I’ve got a few fresh, current tips here today for using Pinterest to drive traffic to your website.
I’ve shared a lot in the past and have some more detailed eBook guides for sale in the outlet shop here on my site. They are really all about best practices and how to get best results by getting everything right on your blog first, before you pin.
You know, that basic groundwork is really important.
However, I think it is worth mentioning some changes that have occurred fairly recently, with what Pinterest is favoring on their site.
Pinterest drives about half of the traffic to my site every month, number two is Google, which leaves only about 10% other….email list, etc.
I’m no expert, by any means, Pinterest is a very deep platform that still baffles me sometimes. However, I do study and read up on some of what the experts say and I’ve taken a couple of key courses that are highly respected.
The great thing about optimizing your site or blog for Pinterest is that whatever you do for Pinterest works for Google too.
So, when you lay that good basic groundwork, you are basically tilling and feeding the soil for a more fruitful result later on down the road, that works for both.
There is nothing I like better than that. :-)
The Pinterest changes lately have been more about strategy.
Pinterest seems to be doing a lot of cracking down on spam or even a hint of spam.
And that just means, if you spam Pinterest with your own content, pinning an image over and over in a very short window of time, they won’t like it and you run the risk of having your account shut down.
Most Pinterest gurus are recommending spacing your pins out more these days and pinning different images from one URL onto different boards.
Pinterest has also said that they are seeking out fresh content, so new blogposts will have a better chance of being seen in the feed, moving forward.
I’m trying to push out new blog content these days, spacing out different pins to different boards from the same URL, more than 4-7 days apart. Then, I’m laying off that content until a few months later for pinning again, this time to different boards. Overall, this seems to be what the experts are saying, just fyi.
Using Tailwind to plan out your pinning really helps. I have an affiliate link for Tailwind here if you haven’t joined.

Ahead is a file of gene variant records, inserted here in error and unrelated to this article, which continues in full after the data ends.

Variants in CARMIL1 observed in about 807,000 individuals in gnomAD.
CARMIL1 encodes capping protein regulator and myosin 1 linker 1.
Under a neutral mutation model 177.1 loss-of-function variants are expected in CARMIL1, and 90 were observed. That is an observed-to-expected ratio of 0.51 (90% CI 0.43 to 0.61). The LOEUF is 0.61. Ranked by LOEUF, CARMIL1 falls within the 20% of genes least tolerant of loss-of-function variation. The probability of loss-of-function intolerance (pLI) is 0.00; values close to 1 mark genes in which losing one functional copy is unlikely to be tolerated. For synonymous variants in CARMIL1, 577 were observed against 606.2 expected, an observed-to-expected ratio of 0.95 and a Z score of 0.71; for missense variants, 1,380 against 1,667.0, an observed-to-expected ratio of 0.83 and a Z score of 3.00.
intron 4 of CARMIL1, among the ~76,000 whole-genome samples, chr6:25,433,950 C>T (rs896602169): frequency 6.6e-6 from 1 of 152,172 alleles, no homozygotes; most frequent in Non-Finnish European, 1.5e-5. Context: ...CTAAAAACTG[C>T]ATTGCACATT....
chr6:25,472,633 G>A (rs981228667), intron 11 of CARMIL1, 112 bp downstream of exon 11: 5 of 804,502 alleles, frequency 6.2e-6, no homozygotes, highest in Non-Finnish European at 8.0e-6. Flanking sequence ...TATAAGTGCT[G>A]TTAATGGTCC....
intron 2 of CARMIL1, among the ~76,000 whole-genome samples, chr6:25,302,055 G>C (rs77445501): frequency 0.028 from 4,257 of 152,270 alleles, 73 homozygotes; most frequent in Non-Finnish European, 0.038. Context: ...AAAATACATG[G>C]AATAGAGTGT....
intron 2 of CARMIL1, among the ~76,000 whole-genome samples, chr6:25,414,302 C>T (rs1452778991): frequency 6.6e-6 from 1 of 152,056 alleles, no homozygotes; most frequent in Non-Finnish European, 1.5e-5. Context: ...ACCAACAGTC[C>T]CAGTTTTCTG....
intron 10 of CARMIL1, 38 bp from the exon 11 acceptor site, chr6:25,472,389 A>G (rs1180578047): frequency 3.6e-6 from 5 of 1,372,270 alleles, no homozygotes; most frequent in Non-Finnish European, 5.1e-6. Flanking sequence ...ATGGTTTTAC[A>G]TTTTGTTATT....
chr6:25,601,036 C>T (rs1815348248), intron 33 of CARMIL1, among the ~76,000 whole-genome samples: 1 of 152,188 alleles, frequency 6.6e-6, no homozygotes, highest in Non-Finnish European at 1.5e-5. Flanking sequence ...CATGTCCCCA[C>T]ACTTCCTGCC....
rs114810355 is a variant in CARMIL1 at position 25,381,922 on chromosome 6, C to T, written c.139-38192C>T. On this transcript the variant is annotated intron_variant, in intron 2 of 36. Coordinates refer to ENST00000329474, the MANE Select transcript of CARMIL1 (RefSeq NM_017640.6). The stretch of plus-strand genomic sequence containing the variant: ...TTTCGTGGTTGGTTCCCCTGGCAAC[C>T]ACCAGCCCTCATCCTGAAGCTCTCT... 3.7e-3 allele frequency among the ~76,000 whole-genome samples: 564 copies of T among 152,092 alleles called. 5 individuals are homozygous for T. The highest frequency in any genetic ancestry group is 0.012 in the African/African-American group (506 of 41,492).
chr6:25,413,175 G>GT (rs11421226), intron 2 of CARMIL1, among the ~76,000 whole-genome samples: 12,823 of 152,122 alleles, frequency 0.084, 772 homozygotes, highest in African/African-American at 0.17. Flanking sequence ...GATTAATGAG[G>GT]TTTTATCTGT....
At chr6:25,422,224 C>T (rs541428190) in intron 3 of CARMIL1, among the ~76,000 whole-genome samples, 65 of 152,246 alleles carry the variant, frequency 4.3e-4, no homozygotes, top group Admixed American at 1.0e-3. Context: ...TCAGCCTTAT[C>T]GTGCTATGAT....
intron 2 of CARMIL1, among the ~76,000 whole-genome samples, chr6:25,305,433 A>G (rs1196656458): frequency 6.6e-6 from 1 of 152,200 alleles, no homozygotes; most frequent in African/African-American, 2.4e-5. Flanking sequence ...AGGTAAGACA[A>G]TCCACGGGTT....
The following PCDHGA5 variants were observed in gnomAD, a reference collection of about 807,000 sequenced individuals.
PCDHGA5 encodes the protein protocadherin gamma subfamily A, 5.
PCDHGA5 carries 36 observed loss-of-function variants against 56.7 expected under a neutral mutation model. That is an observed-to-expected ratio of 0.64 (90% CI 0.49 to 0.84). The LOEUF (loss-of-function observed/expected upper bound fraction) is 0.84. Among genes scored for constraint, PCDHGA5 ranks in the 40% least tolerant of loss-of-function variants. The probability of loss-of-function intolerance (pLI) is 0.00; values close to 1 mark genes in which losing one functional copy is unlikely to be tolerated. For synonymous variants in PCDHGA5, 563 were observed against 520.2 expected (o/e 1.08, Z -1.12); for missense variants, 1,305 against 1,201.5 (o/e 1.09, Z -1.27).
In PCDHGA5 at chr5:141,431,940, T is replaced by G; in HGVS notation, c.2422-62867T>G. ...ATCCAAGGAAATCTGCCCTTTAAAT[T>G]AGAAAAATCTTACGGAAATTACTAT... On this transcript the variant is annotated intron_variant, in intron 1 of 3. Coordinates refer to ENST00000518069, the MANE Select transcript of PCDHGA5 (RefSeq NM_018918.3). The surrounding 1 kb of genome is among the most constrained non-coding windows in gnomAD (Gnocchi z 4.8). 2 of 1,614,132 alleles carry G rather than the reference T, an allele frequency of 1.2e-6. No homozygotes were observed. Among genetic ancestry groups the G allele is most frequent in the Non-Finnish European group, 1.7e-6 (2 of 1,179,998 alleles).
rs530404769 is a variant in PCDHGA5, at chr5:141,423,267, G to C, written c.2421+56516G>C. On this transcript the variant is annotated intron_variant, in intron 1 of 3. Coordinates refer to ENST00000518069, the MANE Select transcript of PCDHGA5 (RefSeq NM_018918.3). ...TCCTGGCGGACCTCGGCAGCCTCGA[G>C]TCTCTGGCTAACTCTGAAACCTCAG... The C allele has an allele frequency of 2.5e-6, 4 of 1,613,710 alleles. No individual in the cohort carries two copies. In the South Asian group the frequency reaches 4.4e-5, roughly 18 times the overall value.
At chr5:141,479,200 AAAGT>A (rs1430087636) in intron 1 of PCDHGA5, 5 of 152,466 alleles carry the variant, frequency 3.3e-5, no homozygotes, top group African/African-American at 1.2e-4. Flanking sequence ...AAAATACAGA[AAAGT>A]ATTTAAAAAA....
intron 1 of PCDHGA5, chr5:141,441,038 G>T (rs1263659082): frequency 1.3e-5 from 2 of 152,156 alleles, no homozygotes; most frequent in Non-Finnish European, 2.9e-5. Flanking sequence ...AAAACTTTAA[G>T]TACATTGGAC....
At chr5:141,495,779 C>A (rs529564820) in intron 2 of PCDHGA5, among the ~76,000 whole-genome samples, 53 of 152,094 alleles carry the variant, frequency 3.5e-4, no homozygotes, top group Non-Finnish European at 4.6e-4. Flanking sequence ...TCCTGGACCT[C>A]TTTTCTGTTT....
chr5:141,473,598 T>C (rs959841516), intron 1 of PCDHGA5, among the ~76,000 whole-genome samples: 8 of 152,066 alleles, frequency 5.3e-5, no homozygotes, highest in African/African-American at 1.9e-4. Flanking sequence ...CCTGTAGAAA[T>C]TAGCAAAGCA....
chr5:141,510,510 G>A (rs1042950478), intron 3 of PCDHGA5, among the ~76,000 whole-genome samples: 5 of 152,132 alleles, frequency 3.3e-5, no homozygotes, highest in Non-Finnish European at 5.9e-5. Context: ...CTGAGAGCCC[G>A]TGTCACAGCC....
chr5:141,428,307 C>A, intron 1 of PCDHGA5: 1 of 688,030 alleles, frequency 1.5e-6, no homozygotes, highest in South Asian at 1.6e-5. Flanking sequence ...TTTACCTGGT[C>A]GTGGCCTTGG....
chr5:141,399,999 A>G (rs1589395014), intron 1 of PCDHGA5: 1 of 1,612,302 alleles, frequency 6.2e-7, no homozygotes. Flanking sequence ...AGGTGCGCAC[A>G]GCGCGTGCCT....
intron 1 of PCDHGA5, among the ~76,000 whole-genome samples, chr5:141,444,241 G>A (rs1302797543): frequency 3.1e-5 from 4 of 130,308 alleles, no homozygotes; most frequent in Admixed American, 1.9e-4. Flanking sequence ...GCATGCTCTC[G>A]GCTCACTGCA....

What to do with old content on your site
You can see, in this post linked below that I put out recently on my main blog, that I basically took an old project from 2012 and reformatted the content, updated some of the images and created a new post on my blog from that old project.
I deleted the old page that project was located on in my website, it wasn’t even in my blog and wasn’t getting any significant traffic.
While I wouldn’t do that if the project was really dated looking and the images couldn’t be touched up to feel more current, this particular project was ripe for the update. (Nor would I publish a bunch of these one after the other, or my email list might not like the repetitive “throw backs”. :-)
Another option….I sometimes move blogposts in my site (keeping the same URL) to a more current, open date. I just change the date in the back end of my blog.
I can do this because my Squarespace site doesn’t have dates in the blog URL. If yours does, you need to address that, but it cuts down on time spent with content creation (a little bit) and gives that old content a new date that looks better to Pinterest and Google.
I also usually take the time to update the post, change out images or optimize, as typically I’ve learned a lot and algorithms have changed since I posted the first time. I’ve written an in depth post, more about blog maintenance and good practices to start early on in your blog’s lifespan.
A recent example of what I’ve done with old content
I also just pulled this post, from 2014, back into my site on Friday, as a draft, and republished it on Saturday as a new post. It went out to my email list and has gotten a lot of new traffic.
Of course, I worked on it first, updating SEO with image titles, putting in some additional images and adding a little extra content, even reformatting….basically making it a better post and more representative of something I would post today.
I also worked on the two other posts, linked at the end, so that they all looked fresh and would work well together.
It took 3+ hours to do that! Refreshing an old post can send you down a rabbit hole, but really, it is good to do for your blog, traffic, and SEO.
Similar time would have been spent writing a new post and this one already had some Google juice, so it was worth the time and a new, current date.
So, moving forward for the rest of this summer and fall……publish fresh content and space out your pins!
And if you are puzzled about how to lay that foundation on your blog, before you pin, you should check out these eBook guides, linked below.
That Pinterest and Blogging Guide is basically the heavily researched presentation I gave in May, to the Design Hounds in Napa. (And it’s the cheapest guide about best practices on Pinterest today out there, from what I can see. :-)